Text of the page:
With two young children, meal time prep usually involves cutting food into small pieces to avoid any potential chozing hazards. Despite my best efforts, there have been some near choking incidents – my 1-year-old stuffing too much fruit in her month at once and my 3-year-old swallowing meat that wasn’t chewed well enough. Luckily for me, coughing cleared things up.
A study in Pediatrics released online today captures how common non-fatal food choking incidents are for children. Almost 112,914 children from ages 0 to 14 years had a nonfatal food-related choking episode that required a trip to the emergency room from 2001 to 2009. That’s an average of 12,435 children per year or 34 children per day.
In fact, choking is a leading cause of injury among children, and can sometimes be fatal, especially in children 4 years of age or younger. The size, shape, and consistency of certain foods make them more likely to be a choking hazard for these kids. In the study, infants under the age of 1 accounted for 37.8 percent of all the choking cases.
Here's the list of foods that caused the most choking incidences. The first four food types accounted for more than half of choking episodes with a known food type.
- hard candy
- other candy
- meat other than hot dogs
- fruits and vegetables
- formula/breast milk/milk
- multiple specified foods
- hot dogs
Certain foods posed more of a hazard to a particular age group. For example, babies had the most incidents of formula/milk/breast milk choking. By age 4, 55.2 percent of choking episodes involved candy.
We asked study senior author Gary A. Smith MD, DrPH, a professor of pediatrics, emergency medicine and epidemiology at The Ohio State University; president of the Child Injury Prevention Alliance; and director of the Center for Injury Research and Policy of The Research Institute at Nationwide Children’s Hospital, to tell us more about the study’s findings.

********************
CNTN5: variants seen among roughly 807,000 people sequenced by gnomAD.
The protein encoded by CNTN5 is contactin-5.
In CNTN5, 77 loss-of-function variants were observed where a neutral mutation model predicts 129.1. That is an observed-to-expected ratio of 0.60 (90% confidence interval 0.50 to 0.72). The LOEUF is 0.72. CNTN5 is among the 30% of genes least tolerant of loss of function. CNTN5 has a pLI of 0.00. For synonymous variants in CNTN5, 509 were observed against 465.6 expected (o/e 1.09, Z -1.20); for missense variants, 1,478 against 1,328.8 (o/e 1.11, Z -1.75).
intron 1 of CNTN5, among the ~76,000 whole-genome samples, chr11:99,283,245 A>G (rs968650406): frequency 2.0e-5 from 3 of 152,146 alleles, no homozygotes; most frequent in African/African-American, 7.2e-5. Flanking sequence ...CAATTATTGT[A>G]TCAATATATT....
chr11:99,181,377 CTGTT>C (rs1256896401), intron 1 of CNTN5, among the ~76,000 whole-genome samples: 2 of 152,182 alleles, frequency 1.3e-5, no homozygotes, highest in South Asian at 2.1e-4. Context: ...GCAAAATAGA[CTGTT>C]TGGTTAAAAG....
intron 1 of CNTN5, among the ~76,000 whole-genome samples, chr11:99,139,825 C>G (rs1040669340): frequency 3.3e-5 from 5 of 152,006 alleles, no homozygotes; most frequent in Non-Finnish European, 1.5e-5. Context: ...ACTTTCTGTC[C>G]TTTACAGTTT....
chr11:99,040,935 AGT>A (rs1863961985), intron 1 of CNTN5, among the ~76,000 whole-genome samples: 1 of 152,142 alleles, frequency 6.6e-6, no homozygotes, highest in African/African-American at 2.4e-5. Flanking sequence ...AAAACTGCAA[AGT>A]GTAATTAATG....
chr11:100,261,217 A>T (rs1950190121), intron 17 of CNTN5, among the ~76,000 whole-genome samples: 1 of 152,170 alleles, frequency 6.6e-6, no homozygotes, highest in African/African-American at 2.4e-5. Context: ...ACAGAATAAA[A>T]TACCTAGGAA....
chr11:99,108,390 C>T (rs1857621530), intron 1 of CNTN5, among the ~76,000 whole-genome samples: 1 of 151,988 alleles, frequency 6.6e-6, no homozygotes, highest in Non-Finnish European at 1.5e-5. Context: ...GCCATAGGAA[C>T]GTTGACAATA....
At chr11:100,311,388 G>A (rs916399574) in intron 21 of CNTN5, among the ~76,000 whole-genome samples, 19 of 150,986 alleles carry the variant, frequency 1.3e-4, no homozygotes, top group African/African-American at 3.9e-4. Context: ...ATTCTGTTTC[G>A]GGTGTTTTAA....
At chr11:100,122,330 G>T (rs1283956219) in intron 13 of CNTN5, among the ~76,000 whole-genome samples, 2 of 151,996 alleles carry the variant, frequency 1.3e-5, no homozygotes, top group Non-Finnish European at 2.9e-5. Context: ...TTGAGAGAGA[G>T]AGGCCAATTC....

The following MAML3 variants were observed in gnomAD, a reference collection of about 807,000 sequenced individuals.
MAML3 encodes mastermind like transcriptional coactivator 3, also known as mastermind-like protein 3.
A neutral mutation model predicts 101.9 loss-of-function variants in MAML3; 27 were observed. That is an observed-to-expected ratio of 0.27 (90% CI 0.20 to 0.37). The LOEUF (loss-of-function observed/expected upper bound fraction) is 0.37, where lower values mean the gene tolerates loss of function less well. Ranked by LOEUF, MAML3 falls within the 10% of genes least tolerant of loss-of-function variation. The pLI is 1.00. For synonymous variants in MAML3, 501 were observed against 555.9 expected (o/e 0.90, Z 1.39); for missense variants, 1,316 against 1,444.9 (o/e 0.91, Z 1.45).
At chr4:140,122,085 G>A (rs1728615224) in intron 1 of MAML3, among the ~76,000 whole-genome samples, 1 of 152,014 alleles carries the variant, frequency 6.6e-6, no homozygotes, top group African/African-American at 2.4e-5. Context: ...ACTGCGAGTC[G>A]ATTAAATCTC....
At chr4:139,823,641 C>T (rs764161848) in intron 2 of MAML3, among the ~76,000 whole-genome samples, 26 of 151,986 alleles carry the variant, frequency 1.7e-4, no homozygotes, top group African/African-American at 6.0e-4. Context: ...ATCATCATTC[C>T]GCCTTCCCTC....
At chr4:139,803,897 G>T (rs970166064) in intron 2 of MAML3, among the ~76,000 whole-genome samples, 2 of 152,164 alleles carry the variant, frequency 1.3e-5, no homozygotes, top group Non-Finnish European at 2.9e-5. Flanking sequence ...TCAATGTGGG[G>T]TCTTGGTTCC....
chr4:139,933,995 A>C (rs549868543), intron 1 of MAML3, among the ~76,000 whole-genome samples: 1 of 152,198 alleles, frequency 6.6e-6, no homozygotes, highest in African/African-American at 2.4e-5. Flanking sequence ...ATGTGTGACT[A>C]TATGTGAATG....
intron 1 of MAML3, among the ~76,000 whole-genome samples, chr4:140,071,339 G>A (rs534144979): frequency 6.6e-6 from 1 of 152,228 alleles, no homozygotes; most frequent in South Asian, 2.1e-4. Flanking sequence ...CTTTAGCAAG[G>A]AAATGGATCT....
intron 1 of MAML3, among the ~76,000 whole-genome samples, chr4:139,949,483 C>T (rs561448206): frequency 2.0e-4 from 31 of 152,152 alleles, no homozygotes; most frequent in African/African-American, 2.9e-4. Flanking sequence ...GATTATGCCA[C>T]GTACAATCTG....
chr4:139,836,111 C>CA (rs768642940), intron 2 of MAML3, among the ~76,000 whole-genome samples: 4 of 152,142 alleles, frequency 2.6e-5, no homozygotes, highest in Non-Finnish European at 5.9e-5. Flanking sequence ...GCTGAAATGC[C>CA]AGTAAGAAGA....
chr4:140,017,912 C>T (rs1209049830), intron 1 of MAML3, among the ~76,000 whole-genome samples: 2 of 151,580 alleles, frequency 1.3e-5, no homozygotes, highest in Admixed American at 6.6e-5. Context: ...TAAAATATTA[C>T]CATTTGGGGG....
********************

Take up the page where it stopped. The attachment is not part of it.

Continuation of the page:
What should parents take away from this study?
First, parents should know that choking on food is common among young children, but there are ways to prevent it.
The study points to several things that we can do based on recommendations by the American Academy of Pediatrics. These include children under 4 years of age should not be given hard candies or gum, and raw fruits and vegetables should be cut into small pieces.
Kids don’t master proper chewing and swallowing until they’re at least 4-years-old. In addition, kids can be easily distracted and are active, which can contribute to the risk of choking. Therefore, young children should be supervised while eating, should eat sitting down, and should never run, walk, play, or lie down with food in their mouth.
Why was it important to look at just non-fatal choking incidences?
This is the ﬁrst nationally representative study to focus solely on nonfatal pediatric food-related choking treated in US emergency departments over a multiyear period.